Reviews written by registered user
|3 reviews in total|
I saw this film in the theatre when it was released in 1986. I have
been to a lot of movies, and this is the only one that I HAD to see
again--just to hear the lines that had been drowned out by the
Often a movie's previews will give away all the funny lines of a movie, and I remember that the previews for "Ruthless People" gave away the classic "I've been kidnapped by KMart" line. But for once, there were so many hysterically funny moments in this movie that it didn't matter. It's just that funny.
So if you haven't seen it, you really are missing something. Rent it and be prepared to hurt your sides laughing.
This is one of my favorite movies, one I can watch and enjoy on repeated
viewing. All the actors really bought into the tone of the movie, which
tells me that the director had a clear vision and was able to communicate
to the cast. Brando is brilliant, as usual, and I find his performance to
be highly entertaining in that he spoofed his Godfather persona so
effectively. I always enjoy seeing (and hearing--love his voice) Bruno
Kirby, and I especially like that he was cast in a movie about the
Godfather, given the fact that he had played the young Clemenza in the
Godfather II. Penelope Miller also played her part well--I especially
her character's behavior toward Matthew Broderick's character as she
he was going to marry her and be part of the family. Her exasperation
Broderick ("This isn't the Clark I know") was great.
Then there's Matthew Broderick. This is the last movie he made that I truly enjoyed. He is absolutely perfect in this part. His part calls for him to portray his earnest and trusting personality, his loyalty to Brando's character and to the job he agreed to perform, his growing fondness and respect for Brando's character, and his confusion about perhaps having given his respect to such a disreputable character. Broderick carries off all these aspects of his role, yet shows the strength of character to be able to help solve all his problems by the movie's end.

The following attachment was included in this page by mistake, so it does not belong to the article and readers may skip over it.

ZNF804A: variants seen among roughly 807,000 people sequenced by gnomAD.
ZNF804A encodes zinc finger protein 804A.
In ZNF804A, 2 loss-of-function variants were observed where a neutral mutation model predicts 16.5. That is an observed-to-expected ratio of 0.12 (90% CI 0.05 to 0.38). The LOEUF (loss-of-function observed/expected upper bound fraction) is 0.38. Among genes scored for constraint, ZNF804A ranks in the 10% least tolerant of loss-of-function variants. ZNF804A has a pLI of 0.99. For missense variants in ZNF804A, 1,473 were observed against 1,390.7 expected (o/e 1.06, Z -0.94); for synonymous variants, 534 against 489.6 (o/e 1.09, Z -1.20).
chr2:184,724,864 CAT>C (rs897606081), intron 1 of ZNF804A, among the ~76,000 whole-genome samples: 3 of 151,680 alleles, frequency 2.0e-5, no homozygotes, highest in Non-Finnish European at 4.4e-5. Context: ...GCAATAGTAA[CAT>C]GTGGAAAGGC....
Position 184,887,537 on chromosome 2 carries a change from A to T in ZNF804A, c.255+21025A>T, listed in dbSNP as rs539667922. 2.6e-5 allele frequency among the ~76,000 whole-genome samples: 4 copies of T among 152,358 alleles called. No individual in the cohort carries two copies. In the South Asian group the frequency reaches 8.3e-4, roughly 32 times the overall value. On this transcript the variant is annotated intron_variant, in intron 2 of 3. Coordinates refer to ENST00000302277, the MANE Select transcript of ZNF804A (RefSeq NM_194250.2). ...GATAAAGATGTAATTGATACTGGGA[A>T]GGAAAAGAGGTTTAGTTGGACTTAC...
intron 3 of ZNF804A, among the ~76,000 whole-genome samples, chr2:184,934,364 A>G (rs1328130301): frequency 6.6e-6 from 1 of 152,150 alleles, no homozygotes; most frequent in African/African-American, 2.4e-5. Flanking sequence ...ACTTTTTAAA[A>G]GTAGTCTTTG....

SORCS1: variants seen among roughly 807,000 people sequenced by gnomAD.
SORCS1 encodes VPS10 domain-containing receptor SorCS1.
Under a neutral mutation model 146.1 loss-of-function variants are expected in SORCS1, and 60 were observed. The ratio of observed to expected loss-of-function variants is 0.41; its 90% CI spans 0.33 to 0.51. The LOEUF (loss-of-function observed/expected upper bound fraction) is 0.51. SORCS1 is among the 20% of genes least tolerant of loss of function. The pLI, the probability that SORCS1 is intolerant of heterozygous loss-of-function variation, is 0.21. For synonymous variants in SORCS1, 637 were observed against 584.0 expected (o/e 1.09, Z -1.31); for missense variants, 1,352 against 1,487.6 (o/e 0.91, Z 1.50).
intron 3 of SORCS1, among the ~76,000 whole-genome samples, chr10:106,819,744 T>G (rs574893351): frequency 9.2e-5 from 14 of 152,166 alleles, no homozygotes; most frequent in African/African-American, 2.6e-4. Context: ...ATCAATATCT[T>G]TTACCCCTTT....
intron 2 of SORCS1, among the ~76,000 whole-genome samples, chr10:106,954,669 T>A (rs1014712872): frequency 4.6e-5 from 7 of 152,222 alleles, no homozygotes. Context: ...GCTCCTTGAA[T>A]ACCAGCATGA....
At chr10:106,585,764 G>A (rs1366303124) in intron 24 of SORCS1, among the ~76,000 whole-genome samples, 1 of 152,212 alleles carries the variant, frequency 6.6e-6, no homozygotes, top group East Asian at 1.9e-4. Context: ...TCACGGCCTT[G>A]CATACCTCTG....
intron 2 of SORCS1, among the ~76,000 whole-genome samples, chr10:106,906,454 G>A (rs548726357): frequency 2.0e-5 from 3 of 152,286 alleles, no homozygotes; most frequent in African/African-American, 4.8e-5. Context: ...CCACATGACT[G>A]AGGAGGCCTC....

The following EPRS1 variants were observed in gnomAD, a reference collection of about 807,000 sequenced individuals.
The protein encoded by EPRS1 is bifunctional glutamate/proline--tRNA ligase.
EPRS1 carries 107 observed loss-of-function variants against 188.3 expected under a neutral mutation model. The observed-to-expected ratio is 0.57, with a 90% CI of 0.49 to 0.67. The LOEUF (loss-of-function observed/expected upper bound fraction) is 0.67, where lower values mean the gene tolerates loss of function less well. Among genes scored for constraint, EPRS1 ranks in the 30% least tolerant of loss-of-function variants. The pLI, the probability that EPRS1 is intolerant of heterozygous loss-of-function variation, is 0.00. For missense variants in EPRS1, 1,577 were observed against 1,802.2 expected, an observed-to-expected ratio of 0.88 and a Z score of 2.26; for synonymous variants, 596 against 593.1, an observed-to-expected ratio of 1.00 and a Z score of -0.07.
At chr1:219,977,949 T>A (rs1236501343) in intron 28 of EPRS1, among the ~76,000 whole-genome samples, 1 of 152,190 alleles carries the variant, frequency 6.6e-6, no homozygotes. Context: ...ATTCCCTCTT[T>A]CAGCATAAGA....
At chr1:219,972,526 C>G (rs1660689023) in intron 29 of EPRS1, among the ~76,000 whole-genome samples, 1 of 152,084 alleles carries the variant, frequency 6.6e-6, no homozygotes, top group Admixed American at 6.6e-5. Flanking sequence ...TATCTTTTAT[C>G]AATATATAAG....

Or, he could have ended up as Rodolfo Lasparri of Palermo, Sicily.
This movie really captures one of Charles Grodin's best performances. He can be as deadpan as anyone, and he is the perfect foil for Goldie Hawn's outlandishness. Whenever I happen upon this movie on TV I end up watching it again. Some of the scenes are priceless--especially Goldie Hawn's nervous breakdown (and Grodin's behavior), the dinner scene (with Chester, Chevy Chase, and the Governor), etc. I always crack up when I hear Aurora explain why she can't cook dinner that evening--she has to have her feet "e-scraped." The movie is very funny and completely lighthearted, full of the usual Neil Simon clever dialogue.